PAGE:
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Gerhard Richter

Portraits for a Study

In February 2014, Arts Council England, the PRS for Music Foundation, Yamaha UK, Falmouth University, The Royal Academy of Music and Goldsmiths University supported and participated in Jim Aitchison’s project to create 2 hours of musical responses to artworks by Gerhard Richter, in versions for distributed piano, and for string quartet.

In part one of the performance event, Pianist Roderick Chadwick played 4 Disklavier pianos simultaneously, linked via broadband, 300 miles apart, at Falmouth University, The Royal Academy Of Music, Goldsmiths University and Yamaha Music London. In part two, the music was performed once again, in a re-filtered version for string quartet, by the Kreutzer Quartet (Peter Sheppard Skærved, Mihailo Trandafilovski, Morgan Goff, and Neil Heyde). The project was also grateful to receive generous help from Gerhard Richter and his studio, from Sir Nicholas Serota and Tate, and from curator Paul Moorhouse.


Seascape (Sea-Sea)1998

copyright © Gerhard Richter 2020 (21042020)

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48 Portraits 1972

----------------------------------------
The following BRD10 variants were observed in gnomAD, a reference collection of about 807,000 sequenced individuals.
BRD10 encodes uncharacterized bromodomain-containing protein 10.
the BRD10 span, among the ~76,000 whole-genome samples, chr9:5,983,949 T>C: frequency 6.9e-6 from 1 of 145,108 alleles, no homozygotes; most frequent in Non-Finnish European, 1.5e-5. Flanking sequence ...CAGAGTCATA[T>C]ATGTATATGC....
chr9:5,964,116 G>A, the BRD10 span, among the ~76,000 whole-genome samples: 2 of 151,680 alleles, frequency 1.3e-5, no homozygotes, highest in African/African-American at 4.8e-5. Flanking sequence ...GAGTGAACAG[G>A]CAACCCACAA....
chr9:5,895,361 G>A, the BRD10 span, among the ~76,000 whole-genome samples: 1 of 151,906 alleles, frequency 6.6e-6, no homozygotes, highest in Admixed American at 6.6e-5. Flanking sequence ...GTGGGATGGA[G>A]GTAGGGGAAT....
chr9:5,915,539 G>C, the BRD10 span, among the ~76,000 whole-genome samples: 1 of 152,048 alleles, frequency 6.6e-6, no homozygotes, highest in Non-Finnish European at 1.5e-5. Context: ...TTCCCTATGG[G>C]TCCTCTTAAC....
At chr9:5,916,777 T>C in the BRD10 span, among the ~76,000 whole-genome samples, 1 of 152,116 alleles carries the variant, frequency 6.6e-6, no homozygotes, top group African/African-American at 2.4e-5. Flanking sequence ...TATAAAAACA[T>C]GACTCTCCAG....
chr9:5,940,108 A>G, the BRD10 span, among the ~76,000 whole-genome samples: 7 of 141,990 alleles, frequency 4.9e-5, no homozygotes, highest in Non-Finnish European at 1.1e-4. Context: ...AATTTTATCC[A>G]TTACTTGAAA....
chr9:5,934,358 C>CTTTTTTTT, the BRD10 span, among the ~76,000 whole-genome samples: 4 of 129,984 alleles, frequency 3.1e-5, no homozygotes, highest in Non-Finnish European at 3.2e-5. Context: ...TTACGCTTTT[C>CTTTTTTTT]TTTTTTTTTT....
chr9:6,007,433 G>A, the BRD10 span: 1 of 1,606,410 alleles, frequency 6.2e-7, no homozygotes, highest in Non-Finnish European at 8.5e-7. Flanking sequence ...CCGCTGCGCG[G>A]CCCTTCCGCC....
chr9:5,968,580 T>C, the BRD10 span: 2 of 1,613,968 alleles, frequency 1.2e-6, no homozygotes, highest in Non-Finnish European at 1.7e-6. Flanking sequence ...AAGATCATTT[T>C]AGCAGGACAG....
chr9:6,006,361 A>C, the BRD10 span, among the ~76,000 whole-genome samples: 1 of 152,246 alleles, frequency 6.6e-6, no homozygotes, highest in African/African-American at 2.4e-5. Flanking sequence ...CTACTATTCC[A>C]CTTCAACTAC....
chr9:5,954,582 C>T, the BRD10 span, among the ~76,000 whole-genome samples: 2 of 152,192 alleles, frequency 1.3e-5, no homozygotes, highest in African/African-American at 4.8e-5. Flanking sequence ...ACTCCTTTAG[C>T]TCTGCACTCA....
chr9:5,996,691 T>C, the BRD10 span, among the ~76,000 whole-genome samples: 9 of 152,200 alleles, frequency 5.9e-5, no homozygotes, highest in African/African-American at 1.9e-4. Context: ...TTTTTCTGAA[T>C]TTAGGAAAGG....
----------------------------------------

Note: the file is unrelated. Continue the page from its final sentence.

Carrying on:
copyright © Gerhard Richter 2020 (21042020)

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Performance view at AMATA, Falmouth University 

Hans Zimmer Responds to Portraits for a Study

"Dear Jim, ...I've been following this piece of yours for quite a while - out of so many reasons: I love Richter's work - We've never met, just circled each other through many mutual acquaintances. And honestly - I find his art on a level that is quite intimidating and I would just make a blabbering foolish spectacle fan-boy of myself if we met in person. I find it's best to avoid meeting one's heroes...

Secondly, I find the mystery of Ulrike Meinhof - and how he - and by extension, you - chose to capture it - something I myself have thought about for a long time. Also, I had the good fortune to spend a private evening at the Tate Modern, just being able to look at those images without the distraction of others wandering in front of them. I love the tolling bell of the left hand against the mystery of the Bach strains in your piece. All the conflict, paradox and dichotomy that Germany represents to me and maybe my whole generation, the fog of a wounded culture. ...And, of course, I love the metaphor of the disembodied Disklavier idea. Plus...of course you got me in my full techno-geek mode as well.

I love your work...All my best, -Hz-" (Reprinted with permission)

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